Karet Alam Natural Rubber


Synthetic Rubber The importance of the rubber industry ever since it first appeared and the decisive role that it has played in the development of modern civilization prompted much interest in discovering its chemical composition in order to synthesize this product. Through these research projects, the tire industry saw the possibility of breaking away from the grip of the world's natural rubber plantations.

The drop in natural rubber production in Brazil coincided with World War I (1914-1918), triggering the need for lower-cost products with steadier supplies in order to manufacture tires. The pressures imposed by the conquest of the plantations of Asia by the Japanese prompted the development of a rubber that was able to meet the extraordinarily high demands of the troops at that time, although its structure differed somewhat from its natural counterpart.

This was how GR-S, Buna S, Hycar OS and SBR appeared, which are styrene and butadiene copolymers. The launch-pad for the massive development of the synthetic rubber industry, this product could be vulcanized easily, and became the flagship of the world rubber industry, although its properties did not correspond to all the qualities of natural rubber. But its costs and main characteristics made it into an unbeatable competitor. Although synthetic rubber had been known since 1875, its production had been expensive and almost negligible.

During World War II, a crucial historical episode altered the scenario for this market. On December 7, 1941, the USA entered the War. Three months after the attack on Pearl Harbor, the Japanese invaded Malaysia and the Dutch East Indies, desperate to take over natural rubber production from the allies. This gave the Axis control over 95% of world rubber supplies, plunging the USA into a crisis.

Each Sherman tank contained twenty tons of steel and half a ton of rubber. Each warship contained 20,000 rubber parts. Rubber was used to coat every centimeter of wire used in every factory, home, office and military facilities throughout the USA. There was no synthetic alternative. Looking at all the possible sources, at normal consumption levels, the nation had stocks for around one year. And these reserves also had to supply the largest and most critical industry in the history of the world during a time of rapid expansion: the arms segment.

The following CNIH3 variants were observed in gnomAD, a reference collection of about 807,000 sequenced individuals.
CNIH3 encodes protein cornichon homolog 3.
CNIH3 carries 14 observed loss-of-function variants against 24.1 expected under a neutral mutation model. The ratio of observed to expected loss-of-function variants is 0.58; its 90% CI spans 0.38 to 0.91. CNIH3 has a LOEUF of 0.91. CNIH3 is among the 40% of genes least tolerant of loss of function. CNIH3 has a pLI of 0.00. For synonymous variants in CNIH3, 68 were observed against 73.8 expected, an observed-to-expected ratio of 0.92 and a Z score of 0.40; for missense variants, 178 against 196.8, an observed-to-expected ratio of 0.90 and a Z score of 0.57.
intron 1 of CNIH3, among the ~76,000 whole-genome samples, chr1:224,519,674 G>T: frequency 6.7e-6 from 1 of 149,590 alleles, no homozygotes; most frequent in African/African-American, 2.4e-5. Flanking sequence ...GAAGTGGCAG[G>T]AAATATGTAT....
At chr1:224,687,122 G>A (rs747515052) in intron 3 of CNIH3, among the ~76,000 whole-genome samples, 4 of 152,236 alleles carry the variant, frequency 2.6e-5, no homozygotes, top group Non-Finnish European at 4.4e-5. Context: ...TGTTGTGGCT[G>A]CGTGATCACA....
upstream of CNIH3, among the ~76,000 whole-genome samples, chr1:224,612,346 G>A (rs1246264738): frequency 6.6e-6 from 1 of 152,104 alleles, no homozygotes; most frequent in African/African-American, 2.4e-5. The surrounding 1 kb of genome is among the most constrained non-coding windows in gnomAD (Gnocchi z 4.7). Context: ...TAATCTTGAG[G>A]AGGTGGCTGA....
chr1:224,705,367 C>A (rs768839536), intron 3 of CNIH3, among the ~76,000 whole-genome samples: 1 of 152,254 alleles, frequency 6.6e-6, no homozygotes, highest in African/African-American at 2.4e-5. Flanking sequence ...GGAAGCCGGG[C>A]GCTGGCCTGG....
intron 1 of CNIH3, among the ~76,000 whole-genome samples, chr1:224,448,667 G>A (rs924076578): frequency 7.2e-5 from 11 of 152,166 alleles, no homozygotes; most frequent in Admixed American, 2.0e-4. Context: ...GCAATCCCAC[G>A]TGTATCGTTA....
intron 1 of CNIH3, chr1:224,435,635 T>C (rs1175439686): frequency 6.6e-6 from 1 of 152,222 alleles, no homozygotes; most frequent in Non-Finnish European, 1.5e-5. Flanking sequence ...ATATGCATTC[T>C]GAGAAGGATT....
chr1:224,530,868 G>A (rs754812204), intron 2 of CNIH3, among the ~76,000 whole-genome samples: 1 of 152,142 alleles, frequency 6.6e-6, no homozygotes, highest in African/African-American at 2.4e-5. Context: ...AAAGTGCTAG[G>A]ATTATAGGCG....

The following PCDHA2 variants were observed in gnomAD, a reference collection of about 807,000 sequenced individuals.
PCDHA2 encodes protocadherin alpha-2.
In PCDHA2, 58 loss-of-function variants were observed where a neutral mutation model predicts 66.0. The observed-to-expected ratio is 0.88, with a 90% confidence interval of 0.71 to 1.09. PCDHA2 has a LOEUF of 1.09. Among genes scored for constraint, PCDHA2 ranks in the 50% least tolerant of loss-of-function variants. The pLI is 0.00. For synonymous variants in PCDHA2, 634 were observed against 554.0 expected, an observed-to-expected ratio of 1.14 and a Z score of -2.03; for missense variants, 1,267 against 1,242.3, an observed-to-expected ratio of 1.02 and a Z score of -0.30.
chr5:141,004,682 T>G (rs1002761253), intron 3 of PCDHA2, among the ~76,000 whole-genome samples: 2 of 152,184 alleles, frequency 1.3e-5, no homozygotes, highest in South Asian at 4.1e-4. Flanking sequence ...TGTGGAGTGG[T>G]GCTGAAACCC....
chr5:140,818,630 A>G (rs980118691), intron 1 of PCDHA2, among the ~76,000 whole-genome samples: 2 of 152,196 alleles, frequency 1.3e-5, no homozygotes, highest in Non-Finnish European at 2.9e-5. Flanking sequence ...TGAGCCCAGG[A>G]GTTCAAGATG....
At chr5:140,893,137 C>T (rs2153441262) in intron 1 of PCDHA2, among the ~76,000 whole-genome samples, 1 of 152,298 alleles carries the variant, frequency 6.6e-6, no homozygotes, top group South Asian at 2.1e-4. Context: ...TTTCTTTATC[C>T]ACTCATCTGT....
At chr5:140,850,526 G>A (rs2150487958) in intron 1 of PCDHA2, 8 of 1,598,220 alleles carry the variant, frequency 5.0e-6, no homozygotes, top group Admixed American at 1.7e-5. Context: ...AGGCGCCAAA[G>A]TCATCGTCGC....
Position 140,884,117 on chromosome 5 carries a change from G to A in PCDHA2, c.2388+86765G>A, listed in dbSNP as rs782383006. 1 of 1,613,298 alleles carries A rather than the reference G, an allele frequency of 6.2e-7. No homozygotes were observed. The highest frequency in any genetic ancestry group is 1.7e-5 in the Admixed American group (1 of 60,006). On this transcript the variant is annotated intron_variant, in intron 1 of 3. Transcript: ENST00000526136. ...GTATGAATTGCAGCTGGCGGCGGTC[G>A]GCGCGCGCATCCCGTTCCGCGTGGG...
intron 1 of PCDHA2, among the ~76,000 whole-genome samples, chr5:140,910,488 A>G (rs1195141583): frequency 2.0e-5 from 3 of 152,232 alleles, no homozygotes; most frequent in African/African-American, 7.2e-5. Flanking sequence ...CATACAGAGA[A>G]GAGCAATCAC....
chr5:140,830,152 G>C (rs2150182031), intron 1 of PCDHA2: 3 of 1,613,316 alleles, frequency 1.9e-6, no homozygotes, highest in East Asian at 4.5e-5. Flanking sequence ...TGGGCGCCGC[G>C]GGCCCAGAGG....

The response of Washington was rapid and dramatic. Four days after Pearl Harbor, the use of rubber in any product that was not essential to the war drive was banned. The speed limit on US highways fell to 35 miles an hour, in order to reduce wear and tear on tires countrywide. Rubber chips were sold a penny or more per pound weight at over 400,000 depots all over the country. Even President Franklin Roosevelt's pet dog Fala saw his rubber toys melted. This was the largest recycling campaign ever recorded in history, ensuring the success of the Allies through to 1942.

Under these circumstances, an order was sent to all chemists and engineers to develop a synthetic rubber industry. In 1941, the total output of synthetic rubber barely topped 8,000 tons, consisting largely of products not suitable for tires.

The nation's survival depended on its capacity to manufacture over 800,000 tons of products that had barely begun to be developed. There were few detailed instructions on how the factories should organize themselves to produce this vast amount. No facilities had been built, nor was there any way of producing enough raw materials to produce rubber.

The US industrial sector had never been called upon to shoulder such a massive task, achieving so much so quickly. The engineers were given just two years to reach this target. If the synthetic rubber program failed, the capacity of the USA to fight the war would be blunted. This US drive was to help spread synthetic rubber throughout the world's market, even in Brazil as it strove to consolidate its industrial park during the post-War years.


A wide variety of synthetic rubbers have been developed since this product was first discovered. As massive investments were required to develop these different varieties, the production technology was heavily concentrated in long-established global enterprises such as DuPont, Bayer, Shell, Basf, Goodyear, Firestone, Michelin, EniChem, Dow, and Exxon.

The use of rubber is widespread, as the characteristics and properties of these elastomers make them useful in almost all economic sectors: automobiles, footwear, civil construction, plastics, hospital materials and others that are of crucial importance in the daily life of society. As they are most widely used to produce tires, the SBR and BR varieties are the most widely consumed type of synthetic rubber.